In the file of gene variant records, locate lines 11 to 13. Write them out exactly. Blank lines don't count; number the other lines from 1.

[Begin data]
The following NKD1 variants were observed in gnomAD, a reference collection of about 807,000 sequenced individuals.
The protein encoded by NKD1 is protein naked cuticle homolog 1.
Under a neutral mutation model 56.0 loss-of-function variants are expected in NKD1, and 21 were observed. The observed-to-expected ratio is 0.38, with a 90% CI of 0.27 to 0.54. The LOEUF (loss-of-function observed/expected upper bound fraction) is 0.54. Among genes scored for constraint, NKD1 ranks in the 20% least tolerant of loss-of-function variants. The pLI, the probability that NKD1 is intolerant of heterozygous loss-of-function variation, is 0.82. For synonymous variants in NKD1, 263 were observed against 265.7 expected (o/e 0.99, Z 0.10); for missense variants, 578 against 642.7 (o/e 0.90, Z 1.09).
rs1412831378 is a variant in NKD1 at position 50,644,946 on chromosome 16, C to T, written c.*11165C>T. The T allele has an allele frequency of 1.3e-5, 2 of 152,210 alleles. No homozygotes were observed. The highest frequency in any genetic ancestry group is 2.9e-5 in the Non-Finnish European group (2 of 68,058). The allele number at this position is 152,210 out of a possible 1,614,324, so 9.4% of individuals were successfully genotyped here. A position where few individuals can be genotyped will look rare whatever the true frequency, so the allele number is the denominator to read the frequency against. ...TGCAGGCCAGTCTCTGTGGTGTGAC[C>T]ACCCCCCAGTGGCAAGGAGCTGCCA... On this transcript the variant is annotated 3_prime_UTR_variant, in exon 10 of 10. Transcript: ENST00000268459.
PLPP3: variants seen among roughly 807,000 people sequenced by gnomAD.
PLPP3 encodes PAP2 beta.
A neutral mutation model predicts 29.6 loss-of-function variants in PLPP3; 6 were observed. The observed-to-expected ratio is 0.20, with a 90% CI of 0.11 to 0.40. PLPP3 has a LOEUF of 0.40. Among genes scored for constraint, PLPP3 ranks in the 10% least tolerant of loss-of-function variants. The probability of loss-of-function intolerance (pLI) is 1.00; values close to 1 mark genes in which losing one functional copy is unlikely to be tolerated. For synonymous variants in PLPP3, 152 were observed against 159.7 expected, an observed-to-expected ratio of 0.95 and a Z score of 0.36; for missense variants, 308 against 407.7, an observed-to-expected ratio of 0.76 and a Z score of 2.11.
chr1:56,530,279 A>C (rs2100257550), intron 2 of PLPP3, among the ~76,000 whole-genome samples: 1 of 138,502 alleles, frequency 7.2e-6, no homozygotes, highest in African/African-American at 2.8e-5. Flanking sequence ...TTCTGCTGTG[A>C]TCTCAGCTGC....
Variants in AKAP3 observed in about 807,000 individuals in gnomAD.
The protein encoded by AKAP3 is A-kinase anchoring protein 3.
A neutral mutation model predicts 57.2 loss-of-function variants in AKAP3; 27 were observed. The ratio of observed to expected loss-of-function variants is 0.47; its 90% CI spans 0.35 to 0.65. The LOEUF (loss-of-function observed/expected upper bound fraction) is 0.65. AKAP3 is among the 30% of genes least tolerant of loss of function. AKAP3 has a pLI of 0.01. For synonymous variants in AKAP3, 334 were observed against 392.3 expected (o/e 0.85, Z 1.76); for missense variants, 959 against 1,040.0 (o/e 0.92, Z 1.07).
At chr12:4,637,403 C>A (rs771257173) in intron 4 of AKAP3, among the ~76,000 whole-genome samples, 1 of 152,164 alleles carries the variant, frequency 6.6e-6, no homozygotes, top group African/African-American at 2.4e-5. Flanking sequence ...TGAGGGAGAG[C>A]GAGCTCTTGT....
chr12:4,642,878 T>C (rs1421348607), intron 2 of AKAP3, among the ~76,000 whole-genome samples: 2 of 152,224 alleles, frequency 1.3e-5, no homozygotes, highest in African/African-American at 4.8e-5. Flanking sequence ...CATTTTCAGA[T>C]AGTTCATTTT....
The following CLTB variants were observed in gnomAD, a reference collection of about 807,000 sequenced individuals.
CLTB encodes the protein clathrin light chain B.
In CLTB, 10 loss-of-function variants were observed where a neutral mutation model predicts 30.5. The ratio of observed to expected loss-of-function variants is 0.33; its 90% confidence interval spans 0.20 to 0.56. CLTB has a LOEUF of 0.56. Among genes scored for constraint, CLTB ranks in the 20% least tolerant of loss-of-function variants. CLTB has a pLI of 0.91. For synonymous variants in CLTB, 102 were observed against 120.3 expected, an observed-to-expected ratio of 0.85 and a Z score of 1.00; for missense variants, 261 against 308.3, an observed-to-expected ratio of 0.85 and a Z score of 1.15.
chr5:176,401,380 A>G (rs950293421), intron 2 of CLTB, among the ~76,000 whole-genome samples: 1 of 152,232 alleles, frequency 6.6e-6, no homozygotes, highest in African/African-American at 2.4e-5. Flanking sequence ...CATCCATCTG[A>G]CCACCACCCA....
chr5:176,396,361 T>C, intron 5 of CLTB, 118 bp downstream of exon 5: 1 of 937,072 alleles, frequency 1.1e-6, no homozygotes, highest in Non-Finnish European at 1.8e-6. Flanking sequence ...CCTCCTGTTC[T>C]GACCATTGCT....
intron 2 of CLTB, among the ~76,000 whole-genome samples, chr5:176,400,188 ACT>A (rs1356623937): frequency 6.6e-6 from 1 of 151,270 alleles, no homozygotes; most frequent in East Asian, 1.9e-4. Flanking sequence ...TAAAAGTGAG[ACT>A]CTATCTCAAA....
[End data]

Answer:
A neutral mutation model predicts 57.2 loss-of-function variants in AKAP3; 27 were observed. The ratio of observed to expected loss-of-function variants is 0.47; its 90% CI spans 0.35 to 0.65. The LOEUF (loss-of-function observed/expected upper bound fraction) is 0.65. AKAP3 is among the 30% of genes least tolerant of loss of function. AKAP3 has a pLI of 0.01. For synonymous variants in AKAP3, 334 were observed against 392.3 expected (o/e 0.85, Z 1.76); for missense variants, 959 against 1,040.0 (o/e 0.92, Z 1.07).
At chr12:4,637,403 C>A (rs771257173) in intron 4 of AKAP3, among the ~76,000 whole-genome samples, 1 of 152,164 alleles carries the variant, frequency 6.6e-6, no homozygotes, top group African/African-American at 2.4e-5. Flanking sequence ...TGAGGGAGAG[C>A]GAGCTCTTGT....
chr12:4,642,878 T>C (rs1421348607), intron 2 of AKAP3, among the ~76,000 whole-genome samples: 2 of 152,224 alleles, frequency 1.3e-5, no homozygotes, highest in African/African-American at 4.8e-5. Flanking sequence ...CATTTTCAGA[T>C]AGTTCATTTT....